Rural Carrier Kimberly Clark was recently delivering mail in Richland Center, WI, when she spotted an SUV that had skidded off the road into 6-foot-tall weeds. Continue reading
- An OIG survey administered during the COVID-19 pandemic found a majority of people across the United States held a favorable view of the Postal Service (91 percent) and agreed or strongly agreed that mail is important (96 percent).
- Respondents checked and read their mail more frequently in 2020 but sent less mail and fewer personal packages.
- Americans reported placing online orders more frequently than previous years and expected to shop online more after the pandemic is over.
The COVID-19 pandemic changed the way people interacted with their communities and businesses — including the Postal Service. The OIG conducted a nationally representative survey to understand the ways the COVID-19 pandemic may have altered customer perceptions of the Postal Service and their habits around mail and other postal-related activities.
The OIG found that Americans continued to hold favorable views of the Postal Service during the pandemic, underscoring the important role USPS plays for the nation. During the pandemic, the core ways customers interacted with the Postal Service were through mail receipt, post office visits, and delivery of online orders. Nearly 70 percent of survey respondents reported checking their mail every day. However, respondents sent mail and personal packages less frequently compared to the previous year. Ecommerce grew during the pandemic, with more online orders placed in 2020 than in previous years. Survey respondents expect some of this ecommerce growth to continue after the pandemic.
The Postal Service has played an important role in connecting the nation during a time of pandemic-related social distancing and closures. The OIG survey results provide information on changes in customer behavior and expectations, and careful monitoring of emerging trends will allow the Postal Service to continue to prepare for new and growing demands moving forward.
Read full report
Rural Carrier Associate Abby Puckett was recently delivering mail in Corinth, MS, when she came upon an 18-year-old customer being attacked by five dogs. Continue reading
WASHINGTON, DC — Award-winning playwright August Wilson is receiving one of the nation’s highest honors when he takes center stage on a Forever stamp.
The stamp will be dedicated Jan. 28 on the Postal Service Facebook and Twitter pages. For more information, visit usps.com/blackheritage-augustwilson.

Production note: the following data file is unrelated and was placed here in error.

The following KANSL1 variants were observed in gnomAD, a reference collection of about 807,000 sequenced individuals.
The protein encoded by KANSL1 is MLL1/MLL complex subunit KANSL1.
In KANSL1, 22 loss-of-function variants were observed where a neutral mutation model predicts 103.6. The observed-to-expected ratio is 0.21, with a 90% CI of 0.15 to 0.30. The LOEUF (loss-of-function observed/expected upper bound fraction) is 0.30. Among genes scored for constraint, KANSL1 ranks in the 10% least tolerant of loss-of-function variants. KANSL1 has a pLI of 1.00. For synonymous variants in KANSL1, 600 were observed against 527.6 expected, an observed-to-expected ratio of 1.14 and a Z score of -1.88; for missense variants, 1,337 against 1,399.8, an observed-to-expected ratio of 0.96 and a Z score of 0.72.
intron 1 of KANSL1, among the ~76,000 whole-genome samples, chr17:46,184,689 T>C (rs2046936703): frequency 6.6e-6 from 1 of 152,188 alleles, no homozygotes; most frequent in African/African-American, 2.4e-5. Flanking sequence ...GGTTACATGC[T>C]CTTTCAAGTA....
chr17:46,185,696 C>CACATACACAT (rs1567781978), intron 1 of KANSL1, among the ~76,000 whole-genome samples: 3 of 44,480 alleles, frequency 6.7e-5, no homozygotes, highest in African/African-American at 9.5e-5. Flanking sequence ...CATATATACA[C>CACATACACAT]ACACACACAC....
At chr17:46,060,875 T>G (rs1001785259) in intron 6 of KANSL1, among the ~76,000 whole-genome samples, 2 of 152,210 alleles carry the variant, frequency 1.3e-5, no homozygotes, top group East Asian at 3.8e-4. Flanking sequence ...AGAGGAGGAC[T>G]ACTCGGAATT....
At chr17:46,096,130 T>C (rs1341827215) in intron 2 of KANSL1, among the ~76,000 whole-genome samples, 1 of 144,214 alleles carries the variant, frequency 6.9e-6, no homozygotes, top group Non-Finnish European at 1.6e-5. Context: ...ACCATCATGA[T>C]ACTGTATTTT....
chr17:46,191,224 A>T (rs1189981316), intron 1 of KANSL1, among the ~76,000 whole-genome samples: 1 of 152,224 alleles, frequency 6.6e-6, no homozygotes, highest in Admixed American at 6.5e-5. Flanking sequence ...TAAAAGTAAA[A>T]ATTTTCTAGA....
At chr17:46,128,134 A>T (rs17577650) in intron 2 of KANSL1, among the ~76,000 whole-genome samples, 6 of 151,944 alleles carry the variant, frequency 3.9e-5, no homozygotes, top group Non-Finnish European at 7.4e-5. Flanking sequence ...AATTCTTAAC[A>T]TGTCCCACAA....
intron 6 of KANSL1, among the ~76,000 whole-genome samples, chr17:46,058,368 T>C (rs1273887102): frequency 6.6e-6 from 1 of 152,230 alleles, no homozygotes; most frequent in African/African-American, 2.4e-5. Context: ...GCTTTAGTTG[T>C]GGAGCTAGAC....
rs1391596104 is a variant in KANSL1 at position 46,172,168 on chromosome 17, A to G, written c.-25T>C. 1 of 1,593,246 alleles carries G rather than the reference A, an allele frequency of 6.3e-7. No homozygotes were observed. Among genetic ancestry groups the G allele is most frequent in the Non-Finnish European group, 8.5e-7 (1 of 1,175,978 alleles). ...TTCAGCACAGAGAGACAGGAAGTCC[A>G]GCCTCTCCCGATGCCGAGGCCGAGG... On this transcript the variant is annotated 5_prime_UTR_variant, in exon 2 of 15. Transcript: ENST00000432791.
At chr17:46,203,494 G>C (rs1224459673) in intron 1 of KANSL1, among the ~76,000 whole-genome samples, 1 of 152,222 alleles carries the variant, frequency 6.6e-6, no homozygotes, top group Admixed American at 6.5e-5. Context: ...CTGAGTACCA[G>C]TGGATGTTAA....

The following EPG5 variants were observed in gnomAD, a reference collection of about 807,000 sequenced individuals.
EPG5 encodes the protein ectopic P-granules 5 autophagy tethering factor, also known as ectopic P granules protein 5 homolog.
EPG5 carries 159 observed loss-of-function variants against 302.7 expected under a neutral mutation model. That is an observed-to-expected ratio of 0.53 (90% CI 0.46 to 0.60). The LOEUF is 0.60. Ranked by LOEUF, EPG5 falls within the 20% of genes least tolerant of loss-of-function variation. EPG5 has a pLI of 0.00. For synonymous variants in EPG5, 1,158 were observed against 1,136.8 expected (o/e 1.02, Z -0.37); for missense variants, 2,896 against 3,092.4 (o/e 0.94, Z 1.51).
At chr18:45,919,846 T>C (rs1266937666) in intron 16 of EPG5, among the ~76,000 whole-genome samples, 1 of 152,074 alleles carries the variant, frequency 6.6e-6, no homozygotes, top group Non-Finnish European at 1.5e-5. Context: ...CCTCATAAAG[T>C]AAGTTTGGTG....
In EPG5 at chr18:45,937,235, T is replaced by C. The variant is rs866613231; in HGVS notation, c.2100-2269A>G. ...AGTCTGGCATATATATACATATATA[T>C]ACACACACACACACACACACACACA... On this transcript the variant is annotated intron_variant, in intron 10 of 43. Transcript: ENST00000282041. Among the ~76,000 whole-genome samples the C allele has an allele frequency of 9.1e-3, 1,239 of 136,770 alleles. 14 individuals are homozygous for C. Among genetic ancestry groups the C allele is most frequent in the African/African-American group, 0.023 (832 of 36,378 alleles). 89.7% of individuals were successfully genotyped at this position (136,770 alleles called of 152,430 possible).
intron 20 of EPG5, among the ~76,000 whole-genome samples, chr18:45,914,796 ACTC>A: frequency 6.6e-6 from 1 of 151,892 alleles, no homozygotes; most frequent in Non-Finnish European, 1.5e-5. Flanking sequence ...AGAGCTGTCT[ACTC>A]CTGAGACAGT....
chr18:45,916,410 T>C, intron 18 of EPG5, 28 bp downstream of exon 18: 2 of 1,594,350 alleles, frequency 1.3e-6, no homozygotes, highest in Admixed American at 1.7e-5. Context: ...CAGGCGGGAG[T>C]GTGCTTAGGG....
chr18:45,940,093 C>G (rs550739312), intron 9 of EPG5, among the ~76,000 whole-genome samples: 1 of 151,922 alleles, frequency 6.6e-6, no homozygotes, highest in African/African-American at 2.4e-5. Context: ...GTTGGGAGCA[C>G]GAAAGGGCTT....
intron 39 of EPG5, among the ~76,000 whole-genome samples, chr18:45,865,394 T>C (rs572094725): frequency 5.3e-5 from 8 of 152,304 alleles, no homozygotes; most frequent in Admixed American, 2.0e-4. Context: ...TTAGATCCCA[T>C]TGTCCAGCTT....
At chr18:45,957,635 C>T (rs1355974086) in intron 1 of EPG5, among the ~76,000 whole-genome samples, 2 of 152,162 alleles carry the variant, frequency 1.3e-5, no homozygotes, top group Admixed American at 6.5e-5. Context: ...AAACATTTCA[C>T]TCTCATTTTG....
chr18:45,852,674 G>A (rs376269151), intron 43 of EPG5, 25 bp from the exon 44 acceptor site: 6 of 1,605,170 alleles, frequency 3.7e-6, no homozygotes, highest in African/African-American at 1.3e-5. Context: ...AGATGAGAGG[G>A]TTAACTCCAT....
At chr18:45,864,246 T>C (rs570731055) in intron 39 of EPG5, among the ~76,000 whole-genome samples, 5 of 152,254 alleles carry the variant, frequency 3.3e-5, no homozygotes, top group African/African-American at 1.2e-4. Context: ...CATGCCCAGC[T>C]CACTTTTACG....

One of America’s greatest playwrights, Wilson is hailed as a trailblazer for helping to bring nonmusical African American drama to the forefront of American theater.
Wilson collected innumerable accolades for his work, including seven New York Drama Critics’ Circle Awards; a Tony Award, for 1987’s “Fences”; and two Pulitzer Prizes, for “Fences” and 1990’s “The Piano Lesson.”
CHICAGO (CBS) — As COVID-19 continues to claim lives, one north suburban community on Saturday honored a letter carrier who lost his battle against the virus. Continue reading
ABILENE, Texas (KTAB/KRBC) — The way Jenna Zermeno drives her car is certainly unusual. Continue reading
WASHINGTON, DC — Let’s face it, this year has been a struggle for so many people in more ways than one. Thoughts of kids, the holidays and wondering how to provide for them may also be weighing heavily on many. But take heart, Santa and the Postal Service are way ahead of you, and are here to help. Continue reading
CHICAGO (CBS) — A former postal worker is making it her mission to improve the lives of others this winter.
For the past seven years, Wanda Tolbert has handed out backpacks to the homeless. On Saturday morning, she gave away 50 more at the Franciscan homeless shelter on the city’s West Side.
The backpacks are filled with essentials including socks, gloves, toilet paper, blankets, and more. They are her way of lending a hand to Chicagoans in need.
Tolbert said as a letter carrier, she would buy meals for the homeless on her route – and she learned a small gesture can go a long way.
She hopes she can inspire others to do the same.
“Neither snow nor rain nor heat nor gloom of night stays these couriers from the swift completion of their appointed rounds.”
While it isn’t the official U.S. Postal Service motto, it’s something mailwoman Amy Bezerra has kept to for the past 25 years. And now, we can add COVID-19 to that list of things that postal workers press through. Continue reading
NORWALK (CBSLA) — Postal carrier Fernando Garcia was on his route in Norwalk, when he heard a call for help. Continue reading